“As a retired professor, I have first-hand knowledge of the struggles students face on a day-to-day basis, along with the faculty and staff who are devoted to teaching and nurturing them during their educational journey. I want to speak for the voices that are not heard often enough by the Regents; the students, the educators, Native Americans, rural Minnesotans and the working class. That’s where I come from and that’s who I am.”
He said he also wants to use his first-hand knowledge of Native Americans to influence research at the University. For instance, Native enterprises are among the largest employers in the state.
“That’s especially true in rural Minnesota,” he said. “I’ve seen figures that say tribes are the 14th largest employer in the state. I don’t know that for sure, but I would say they have to be among the 20 largest.”
Native enterprises have even greater economic impact beyond generating rural employment, Johnson said. Research does show these enterprises directly impact 70 percent of all businesses in rural Minnesota.
That includes truckers, grocery stores, gasoline stations, lodging and restaurants, various services and anyone else doing business with people coming through their towns. Most of this business traffic is driven by the gaming and hospitality industry enterprises tribes own and operate. But it also includes area businesses that provide services or products for the tribal ventures.
For the moment, Johnson said, he is undergoing “a learning curve” on how the Board of Regents operates and carries out its responsibilities. But from his past experience, Johnson’s elevation to the Board won’t require much on-the-job training.
He recently retired from serving as the university’s senior director of American Indian Tribal Nations Relations, was a full professor in the university system, and was director of Graduate Studies for the UMD’s Department of American Indian Studies.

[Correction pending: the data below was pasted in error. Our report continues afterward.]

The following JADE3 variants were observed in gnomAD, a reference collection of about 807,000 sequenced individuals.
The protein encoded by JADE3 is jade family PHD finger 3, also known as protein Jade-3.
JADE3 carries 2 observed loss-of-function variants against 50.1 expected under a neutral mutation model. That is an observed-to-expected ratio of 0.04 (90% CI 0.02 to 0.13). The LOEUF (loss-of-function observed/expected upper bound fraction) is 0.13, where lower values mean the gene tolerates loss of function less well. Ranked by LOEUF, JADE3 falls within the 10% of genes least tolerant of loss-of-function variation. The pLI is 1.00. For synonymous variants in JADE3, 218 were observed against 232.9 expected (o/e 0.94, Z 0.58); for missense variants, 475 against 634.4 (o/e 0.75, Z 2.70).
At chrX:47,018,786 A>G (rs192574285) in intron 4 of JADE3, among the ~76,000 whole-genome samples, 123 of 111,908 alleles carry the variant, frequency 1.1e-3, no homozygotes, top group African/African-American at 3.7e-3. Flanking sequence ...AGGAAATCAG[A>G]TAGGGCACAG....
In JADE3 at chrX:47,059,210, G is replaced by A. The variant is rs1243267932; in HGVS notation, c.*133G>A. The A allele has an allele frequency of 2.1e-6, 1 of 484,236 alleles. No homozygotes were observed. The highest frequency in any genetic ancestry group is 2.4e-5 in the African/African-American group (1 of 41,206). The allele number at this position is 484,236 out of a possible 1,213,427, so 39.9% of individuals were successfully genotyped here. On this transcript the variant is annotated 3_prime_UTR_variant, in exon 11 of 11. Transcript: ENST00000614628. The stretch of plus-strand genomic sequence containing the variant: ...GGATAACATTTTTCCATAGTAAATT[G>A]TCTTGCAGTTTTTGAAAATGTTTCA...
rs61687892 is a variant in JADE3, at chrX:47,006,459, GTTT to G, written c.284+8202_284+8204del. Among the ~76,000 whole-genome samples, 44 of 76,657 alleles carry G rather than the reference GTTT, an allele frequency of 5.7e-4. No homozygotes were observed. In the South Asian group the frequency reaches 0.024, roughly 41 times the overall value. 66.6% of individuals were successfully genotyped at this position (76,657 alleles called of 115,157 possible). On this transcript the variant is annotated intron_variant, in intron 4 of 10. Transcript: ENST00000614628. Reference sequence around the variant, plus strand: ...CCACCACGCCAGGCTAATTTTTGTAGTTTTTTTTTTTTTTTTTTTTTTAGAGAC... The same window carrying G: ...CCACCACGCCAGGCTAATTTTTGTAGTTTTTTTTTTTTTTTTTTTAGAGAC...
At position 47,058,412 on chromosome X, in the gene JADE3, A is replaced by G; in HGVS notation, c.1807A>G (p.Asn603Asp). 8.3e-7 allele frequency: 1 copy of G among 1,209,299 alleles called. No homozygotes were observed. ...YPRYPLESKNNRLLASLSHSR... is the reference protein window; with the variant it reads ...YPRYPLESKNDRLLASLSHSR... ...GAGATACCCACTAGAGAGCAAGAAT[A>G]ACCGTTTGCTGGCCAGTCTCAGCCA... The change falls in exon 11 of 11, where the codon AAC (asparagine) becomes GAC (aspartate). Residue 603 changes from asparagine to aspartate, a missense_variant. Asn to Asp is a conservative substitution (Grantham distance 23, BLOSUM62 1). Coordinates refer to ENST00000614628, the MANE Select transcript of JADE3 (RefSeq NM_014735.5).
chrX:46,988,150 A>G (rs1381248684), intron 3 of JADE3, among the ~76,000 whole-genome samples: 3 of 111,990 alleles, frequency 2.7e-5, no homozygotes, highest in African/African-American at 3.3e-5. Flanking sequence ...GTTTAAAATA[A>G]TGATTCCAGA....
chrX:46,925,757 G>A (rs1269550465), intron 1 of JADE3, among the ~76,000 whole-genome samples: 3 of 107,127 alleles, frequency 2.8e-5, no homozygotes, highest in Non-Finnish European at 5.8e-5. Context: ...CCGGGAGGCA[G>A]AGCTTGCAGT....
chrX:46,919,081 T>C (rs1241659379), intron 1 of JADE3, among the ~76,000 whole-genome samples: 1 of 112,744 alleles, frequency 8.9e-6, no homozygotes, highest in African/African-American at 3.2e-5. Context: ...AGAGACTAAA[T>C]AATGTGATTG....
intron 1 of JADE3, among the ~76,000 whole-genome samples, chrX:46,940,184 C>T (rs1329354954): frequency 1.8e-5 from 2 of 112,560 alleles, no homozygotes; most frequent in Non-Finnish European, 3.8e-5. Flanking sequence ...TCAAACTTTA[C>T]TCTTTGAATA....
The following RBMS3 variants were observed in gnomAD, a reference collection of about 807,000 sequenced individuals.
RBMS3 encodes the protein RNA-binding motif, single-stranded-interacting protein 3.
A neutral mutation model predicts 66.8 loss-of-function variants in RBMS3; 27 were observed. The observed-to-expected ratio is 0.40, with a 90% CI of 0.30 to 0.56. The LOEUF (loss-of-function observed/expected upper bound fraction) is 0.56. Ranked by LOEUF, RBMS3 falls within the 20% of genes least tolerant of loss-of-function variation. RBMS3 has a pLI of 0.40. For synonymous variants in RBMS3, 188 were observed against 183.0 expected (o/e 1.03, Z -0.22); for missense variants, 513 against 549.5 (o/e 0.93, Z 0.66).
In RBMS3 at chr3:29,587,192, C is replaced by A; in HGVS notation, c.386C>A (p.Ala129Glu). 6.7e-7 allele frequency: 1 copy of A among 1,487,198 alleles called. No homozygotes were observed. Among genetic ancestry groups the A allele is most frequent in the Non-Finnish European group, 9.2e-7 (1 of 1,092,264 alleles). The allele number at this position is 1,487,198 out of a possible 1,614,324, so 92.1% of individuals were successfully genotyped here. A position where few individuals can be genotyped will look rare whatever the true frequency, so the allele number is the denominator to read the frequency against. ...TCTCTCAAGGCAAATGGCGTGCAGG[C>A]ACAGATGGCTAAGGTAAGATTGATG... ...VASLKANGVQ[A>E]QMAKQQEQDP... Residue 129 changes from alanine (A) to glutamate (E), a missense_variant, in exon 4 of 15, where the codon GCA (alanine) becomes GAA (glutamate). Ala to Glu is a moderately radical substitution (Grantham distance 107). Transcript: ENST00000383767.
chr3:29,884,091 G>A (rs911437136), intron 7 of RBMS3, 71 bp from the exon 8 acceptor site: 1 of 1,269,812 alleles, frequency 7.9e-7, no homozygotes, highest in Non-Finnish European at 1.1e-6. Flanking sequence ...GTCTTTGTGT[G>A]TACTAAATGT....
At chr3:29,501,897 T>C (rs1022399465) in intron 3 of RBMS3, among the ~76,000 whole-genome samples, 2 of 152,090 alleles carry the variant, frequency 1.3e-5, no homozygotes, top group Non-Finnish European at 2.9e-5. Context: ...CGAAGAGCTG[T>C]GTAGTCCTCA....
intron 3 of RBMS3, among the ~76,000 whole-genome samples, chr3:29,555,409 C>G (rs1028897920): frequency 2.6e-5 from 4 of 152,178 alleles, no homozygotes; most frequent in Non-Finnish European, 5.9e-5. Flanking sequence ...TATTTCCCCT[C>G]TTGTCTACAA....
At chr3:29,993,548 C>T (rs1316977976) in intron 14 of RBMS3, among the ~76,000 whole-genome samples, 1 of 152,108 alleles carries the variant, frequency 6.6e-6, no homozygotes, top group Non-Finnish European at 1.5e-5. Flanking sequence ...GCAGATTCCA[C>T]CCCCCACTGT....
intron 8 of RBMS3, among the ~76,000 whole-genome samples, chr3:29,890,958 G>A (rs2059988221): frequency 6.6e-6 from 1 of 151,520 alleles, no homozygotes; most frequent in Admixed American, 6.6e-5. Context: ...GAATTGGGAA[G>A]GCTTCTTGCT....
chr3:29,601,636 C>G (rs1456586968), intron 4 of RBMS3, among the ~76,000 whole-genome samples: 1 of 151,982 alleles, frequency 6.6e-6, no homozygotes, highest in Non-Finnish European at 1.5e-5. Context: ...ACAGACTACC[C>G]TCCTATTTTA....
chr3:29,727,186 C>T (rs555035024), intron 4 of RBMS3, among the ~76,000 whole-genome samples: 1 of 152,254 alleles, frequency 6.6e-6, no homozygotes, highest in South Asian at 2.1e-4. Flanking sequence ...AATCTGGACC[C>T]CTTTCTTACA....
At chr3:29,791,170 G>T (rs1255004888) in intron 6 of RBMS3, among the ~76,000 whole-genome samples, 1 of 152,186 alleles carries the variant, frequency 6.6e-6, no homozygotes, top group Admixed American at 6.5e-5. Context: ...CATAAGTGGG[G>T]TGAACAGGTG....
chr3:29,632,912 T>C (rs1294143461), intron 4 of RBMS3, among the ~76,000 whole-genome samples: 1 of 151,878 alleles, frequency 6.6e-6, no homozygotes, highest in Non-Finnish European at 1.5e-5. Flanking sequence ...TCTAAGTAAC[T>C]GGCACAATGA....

The latter department’s programs have educated 4,600 students who have become Native American leaders within communities, business and services, he said. He was also director of the Tribal Sovereignty Institute at UMD.
Among his other background, Johnson is a graduate of the University of Minnesota Law School, is married, and the Johnsons have “two grown children and two dogs.”
The Walz-Flanagan announcement noted Johnson had been a tribal court judge for the Bois Forte Band of Chippewa, the Prairie Island Indian Community, the 1854 Authority that seeks to protect inter-tribal Chippewa rights in the 1854 ceded territories, and Leech Lake Appellate Courts.
In 1997, President Clinton appointed Johnson chairman of the National Indian Gaming Commission that regulates Indian gaming across America. He was staff director and counsel for the U.S. House of Representatives Subcommittee on Native American Affairs from 1990-1995, and in 1997 he became a trustee for the Udall Foundation, an agency of the federal government that works on strengthening government-tribal relations.
Away from public positions and education, Johnson was creator, co-host, and co-producer of the PBS “Native Report” for ten years and was the founding senior partner for Johnson, Hamilton, Quigley, Twait and Foley law firm in St. Paul.